Can Physical Therapy Help Reduce Scar Tissue?

Can Physical Therapy Help Reduce Scar Tissue? | Capitol Physical Therapy | Washington DC Physical Therapists

Scar tissue is integral to your body’s healing process.

Every time you recover from an injury, your body creates scar tissue in order to repair and protect itself.

This is especially true when you’re recovering from surgery.

But, depending on the location of your injury, that scar tissue can impact your mobility.

It can also be quite visible, and while that’s not an issue that bothers everybody, for some it may cause issues of self confidence and self esteem.

Whatever your reason, if you have issues with scar tissue, surgery recovery physical therapy can help.

Here at Capitol Physical Therapy, we offer physical therapy injury consultations as well as treatment to help manage your scar tissue and other issues.

If your mobility and flexibility has been impacted after healing from surgery, keep reading to find out more about how physical therapy can help to break down the scar tissue in your body.

What Is Scar Tissue?

Scar tissue is the way your body heals itself after an injury.

It is the thick and fibrous tissue that your body creates during the inflammatory process that facilitates healing.

This thick tissue is made up of collagen cells that remain in a clump once your body has healed itself, as opposed to the usual structure found in the rest of your skin.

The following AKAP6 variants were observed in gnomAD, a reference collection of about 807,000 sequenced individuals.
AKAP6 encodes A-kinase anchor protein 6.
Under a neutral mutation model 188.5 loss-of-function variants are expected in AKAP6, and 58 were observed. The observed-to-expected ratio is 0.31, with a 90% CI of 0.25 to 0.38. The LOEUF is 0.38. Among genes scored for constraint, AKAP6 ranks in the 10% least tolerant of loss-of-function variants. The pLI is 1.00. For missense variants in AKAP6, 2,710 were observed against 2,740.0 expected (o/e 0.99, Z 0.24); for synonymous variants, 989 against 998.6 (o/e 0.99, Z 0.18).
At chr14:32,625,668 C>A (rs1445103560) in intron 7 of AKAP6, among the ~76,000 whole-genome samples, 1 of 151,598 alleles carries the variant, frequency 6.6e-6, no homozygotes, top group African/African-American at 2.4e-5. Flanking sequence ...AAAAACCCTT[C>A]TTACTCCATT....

Scar tissue can be found anywhere you’ve experienced an injury.

This includes inside your body as well as on the surface of your skin.

Generally speaking, the more severe the injury, the more scar tissue your body will create.

This is especially true if it’s the result of a deep cut resulting from a surgery.

However, scar tissue is not created to be permanent.

It can go through a process called remodeling, where the abnormal clump of cells are slowly loosened and replaced with normally aligned cells.

Types Of Scar Tissue

There are many different types of scar tissue, and each one looks unique.

The type of scar tissue your body creates will depend on a number of different factors like your general nutrition level, placement on the body, what you do after the injury or surgery, and the nature of the injury you’re healing from.

Let’s take a closer look.

What Are Contracture Scars?

If you’re healing from a burn, it’s likely you have contracture scar tissue.

Contracture scar tissue causes your skin to contract and tighten, which makes the affected area stiff.

Depending on the size of this scar and location, especially if it’s over a joint, it can impact your mobility.

What Is Depressed Scar Tissue?

Depressed scar tissue is also called atrophic scar tissue.

Like the name suggests, this type appears sunken and is often caused by chickenpox or acne.

If you have any on your face, it can become more noticeable over time because your skin will lose elasticity and collagen as you age.

What Is Keloid Scar Tissue?

Keloid scar tissue is raised above your skin’s surface and is usually larger than the initial wound area.

It almost looks overgrown, and can affect movement depending on its location in your body.

What Is Hypertrophic Scar Tissue?

Similar to the keloid type, but not spreading beyond the wound, is raised or hypertrophic scar tissue.

This type will deflate and shrink overtime, but never completely flatten out.

What Are Stretch Marks?

Stretch marks are another type of scar tissue that can occur when your skin expands or shrinks too quickly.

These are the only type to not develop from a wound, but rather during pregnancy, puberty, or weight fluctuation.

Can You Develop Internal Scarring?

Yes, it’s possible for you to develop scar tissue inside your body after particular health conditions like Asherman’s syndrome or after surgery.

What Causes Scar Tissue?